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What I Learned About Teenagers this Week…

It has been a very exciting week at the Domestic Violence Network because I had the opportunity to talk with two groups of teenagers about dating violence and healthy relationships. My experience with youth as a pastor and teacher gave me confidence as I prepared for the workshops, but I was nervous about presenting this material. I was worried they would stare blankly as they listened to a stranger talk about relationships or they would do the opposite and over share their experiences which would make everyone very uncomfortable. Luckily, neither of those things happened, but I did learn a few things.

 

1. Teenagers want to talk about relationships. Arguably, the central pre-occupation of American teenagers is love, or the feelings of romance. To them, relationships are exciting, they are exploring new parts of themselves and new ways of interacting with peers. While talking to these groups of students, it took a few minutes of self-deprecating, corny jokes to build trust, but once I did, they opened up and began to share.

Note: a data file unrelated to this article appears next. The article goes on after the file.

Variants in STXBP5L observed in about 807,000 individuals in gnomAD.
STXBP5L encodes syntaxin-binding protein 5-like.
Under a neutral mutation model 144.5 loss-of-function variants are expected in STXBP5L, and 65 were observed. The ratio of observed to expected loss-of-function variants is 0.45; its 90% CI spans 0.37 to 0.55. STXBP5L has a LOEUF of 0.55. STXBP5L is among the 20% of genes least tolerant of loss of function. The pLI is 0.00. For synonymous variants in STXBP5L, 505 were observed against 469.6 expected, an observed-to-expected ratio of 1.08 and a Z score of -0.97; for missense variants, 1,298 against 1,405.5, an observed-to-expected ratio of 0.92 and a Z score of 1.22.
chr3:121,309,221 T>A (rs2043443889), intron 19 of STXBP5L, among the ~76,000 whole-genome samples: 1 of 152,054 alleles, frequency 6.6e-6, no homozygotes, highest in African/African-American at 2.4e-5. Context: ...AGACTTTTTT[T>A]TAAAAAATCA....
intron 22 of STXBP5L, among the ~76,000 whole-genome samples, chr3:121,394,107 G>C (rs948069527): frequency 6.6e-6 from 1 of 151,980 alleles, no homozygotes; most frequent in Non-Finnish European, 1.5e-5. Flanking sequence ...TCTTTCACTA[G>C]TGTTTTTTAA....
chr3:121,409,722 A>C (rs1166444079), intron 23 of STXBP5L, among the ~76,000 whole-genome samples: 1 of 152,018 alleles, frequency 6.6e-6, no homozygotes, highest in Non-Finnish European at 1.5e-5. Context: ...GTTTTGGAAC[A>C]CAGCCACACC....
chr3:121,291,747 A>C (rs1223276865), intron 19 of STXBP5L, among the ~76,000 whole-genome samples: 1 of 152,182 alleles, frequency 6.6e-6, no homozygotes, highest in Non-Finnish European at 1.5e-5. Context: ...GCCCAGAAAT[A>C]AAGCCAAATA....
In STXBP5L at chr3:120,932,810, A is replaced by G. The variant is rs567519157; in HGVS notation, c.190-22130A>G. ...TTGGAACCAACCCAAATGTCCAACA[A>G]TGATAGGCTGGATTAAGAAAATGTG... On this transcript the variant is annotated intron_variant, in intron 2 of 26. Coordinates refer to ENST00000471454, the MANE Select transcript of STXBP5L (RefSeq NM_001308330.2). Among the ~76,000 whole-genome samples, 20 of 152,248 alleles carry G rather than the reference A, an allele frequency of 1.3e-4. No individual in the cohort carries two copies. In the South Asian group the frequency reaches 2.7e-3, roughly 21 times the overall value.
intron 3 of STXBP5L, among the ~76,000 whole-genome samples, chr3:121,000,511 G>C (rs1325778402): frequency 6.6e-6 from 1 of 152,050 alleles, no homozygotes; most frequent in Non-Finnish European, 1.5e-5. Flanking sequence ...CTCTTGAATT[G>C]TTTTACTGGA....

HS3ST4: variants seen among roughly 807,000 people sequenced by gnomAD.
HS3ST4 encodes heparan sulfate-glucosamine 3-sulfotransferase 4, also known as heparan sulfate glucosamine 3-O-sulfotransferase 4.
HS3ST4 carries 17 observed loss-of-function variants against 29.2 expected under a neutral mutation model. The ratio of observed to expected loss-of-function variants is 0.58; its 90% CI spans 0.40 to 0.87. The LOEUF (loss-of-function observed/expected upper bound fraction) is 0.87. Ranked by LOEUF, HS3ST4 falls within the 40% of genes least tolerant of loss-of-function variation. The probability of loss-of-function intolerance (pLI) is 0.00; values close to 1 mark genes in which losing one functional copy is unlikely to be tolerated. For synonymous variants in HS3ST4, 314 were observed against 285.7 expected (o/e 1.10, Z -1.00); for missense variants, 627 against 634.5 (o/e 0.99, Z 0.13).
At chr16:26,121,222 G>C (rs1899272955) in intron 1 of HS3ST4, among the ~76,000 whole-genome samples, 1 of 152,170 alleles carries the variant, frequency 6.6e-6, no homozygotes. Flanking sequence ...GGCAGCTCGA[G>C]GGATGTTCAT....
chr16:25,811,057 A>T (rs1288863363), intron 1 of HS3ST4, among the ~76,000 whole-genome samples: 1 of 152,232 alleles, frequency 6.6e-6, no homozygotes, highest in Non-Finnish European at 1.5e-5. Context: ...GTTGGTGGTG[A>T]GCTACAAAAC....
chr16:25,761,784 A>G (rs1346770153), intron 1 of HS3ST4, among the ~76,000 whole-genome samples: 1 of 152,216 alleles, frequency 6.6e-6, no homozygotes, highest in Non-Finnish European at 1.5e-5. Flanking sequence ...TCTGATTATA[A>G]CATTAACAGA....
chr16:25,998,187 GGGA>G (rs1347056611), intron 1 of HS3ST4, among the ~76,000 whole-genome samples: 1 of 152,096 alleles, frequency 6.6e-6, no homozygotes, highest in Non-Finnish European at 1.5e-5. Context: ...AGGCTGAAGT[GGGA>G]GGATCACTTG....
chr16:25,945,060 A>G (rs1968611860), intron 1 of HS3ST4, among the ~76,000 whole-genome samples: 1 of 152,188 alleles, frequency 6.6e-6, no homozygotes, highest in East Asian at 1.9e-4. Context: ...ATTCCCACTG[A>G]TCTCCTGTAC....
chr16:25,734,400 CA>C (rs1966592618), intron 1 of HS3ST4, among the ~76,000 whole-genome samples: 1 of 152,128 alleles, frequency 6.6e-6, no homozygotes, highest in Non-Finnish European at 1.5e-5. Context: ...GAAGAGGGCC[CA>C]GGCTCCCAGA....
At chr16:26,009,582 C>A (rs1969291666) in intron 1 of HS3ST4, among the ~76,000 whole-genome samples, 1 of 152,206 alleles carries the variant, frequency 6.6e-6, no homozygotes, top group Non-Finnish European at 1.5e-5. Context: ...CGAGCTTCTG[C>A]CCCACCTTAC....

2. Before teenagers will trust an adult, they try to shock us! It has been my experience, that some teenagers will test adults by mentioning topics that normally would shock us. When discussing abusive relationships, a youth said, “I disagree, I like my intercourse rough.” Normally, hearing a teenager say something like that sends me into a flush of red, sweat pours down my forehead, and I quickly change the subject. Instead, I calmly explained the difference between physical abuse and what she was describing. After that, she began opening up about past relationship abuse which led to a very good conversation.

3. Modeling good behavior is crucial. We know children and teenagers watch us, even when we wish they wouldn’t, which is why we must model good relationships. This responsibility is not only for parents, but for educators, service providers, and adults interacting with youth. Unfortunately, not all children have good parental role models who demonstrate healthy relationships, but they can have teachers, faith leaders, and extended family members who do.

It was a great week at DVN, I feel very fortunate to have this position which allows me to impact the lives of youth and members of the community.